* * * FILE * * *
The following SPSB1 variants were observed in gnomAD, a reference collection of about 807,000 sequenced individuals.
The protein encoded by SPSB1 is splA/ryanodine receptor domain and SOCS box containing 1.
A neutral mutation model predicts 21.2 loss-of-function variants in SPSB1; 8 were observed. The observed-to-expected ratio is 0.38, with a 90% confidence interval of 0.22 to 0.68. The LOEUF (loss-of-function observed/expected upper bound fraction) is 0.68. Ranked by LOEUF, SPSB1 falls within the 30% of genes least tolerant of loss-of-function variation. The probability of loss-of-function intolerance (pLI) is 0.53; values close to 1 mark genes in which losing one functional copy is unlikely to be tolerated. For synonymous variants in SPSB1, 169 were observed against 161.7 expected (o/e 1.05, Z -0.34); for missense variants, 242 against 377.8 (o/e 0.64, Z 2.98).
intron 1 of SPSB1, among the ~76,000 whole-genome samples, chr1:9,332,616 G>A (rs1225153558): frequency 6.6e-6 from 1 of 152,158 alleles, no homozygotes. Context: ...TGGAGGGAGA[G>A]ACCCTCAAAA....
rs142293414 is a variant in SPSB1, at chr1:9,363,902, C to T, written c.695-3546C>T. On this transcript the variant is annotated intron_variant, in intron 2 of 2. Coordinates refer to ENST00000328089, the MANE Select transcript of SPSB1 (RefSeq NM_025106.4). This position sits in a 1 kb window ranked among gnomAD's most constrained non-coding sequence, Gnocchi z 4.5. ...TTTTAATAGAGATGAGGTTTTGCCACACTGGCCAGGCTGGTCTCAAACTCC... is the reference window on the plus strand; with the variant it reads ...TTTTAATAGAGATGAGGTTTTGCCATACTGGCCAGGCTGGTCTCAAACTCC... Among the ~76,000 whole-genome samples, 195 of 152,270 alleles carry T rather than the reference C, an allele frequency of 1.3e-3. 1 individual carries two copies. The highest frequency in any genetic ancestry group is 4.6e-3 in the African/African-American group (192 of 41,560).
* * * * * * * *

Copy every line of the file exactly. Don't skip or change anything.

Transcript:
The following SPSB1 variants were observed in gnomAD, a reference collection of about 807,000 sequenced individuals.
The protein encoded by SPSB1 is splA/ryanodine receptor domain and SOCS box containing 1.
A neutral mutation model predicts 21.2 loss-of-function variants in SPSB1; 8 were observed. The observed-to-expected ratio is 0.38, with a 90% confidence interval of 0.22 to 0.68. The LOEUF (loss-of-function observed/expected upper bound fraction) is 0.68. Ranked by LOEUF, SPSB1 falls within the 30% of genes least tolerant of loss-of-function variation. The probability of loss-of-function intolerance (pLI) is 0.53; values close to 1 mark genes in which losing one functional copy is unlikely to be tolerated. For synonymous variants in SPSB1, 169 were observed against 161.7 expected (o/e 1.05, Z -0.34); for missense variants, 242 against 377.8 (o/e 0.64, Z 2.98).
intron 1 of SPSB1, among the ~76,000 whole-genome samples, chr1:9,332,616 G>A (rs1225153558): frequency 6.6e-6 from 1 of 152,158 alleles, no homozygotes. Context: ...TGGAGGGAGA[G>A]ACCCTCAAAA....
rs142293414 is a variant in SPSB1, at chr1:9,363,902, C to T, written c.695-3546C>T. On this transcript the variant is annotated intron_variant, in intron 2 of 2. Coordinates refer to ENST00000328089, the MANE Select transcript of SPSB1 (RefSeq NM_025106.4). This position sits in a 1 kb window ranked among gnomAD's most constrained non-coding sequence, Gnocchi z 4.5. ...TTTTAATAGAGATGAGGTTTTGCCACACTGGCCAGGCTGGTCTCAAACTCC... is the reference window on the plus strand; with the variant it reads ...TTTTAATAGAGATGAGGTTTTGCCATACTGGCCAGGCTGGTCTCAAACTCC... Among the ~76,000 whole-genome samples, 195 of 152,270 alleles carry T rather than the reference C, an allele frequency of 1.3e-3. 1 individual carries two copies. The highest frequency in any genetic ancestry group is 4.6e-3 in the African/African-American group (192 of 41,560).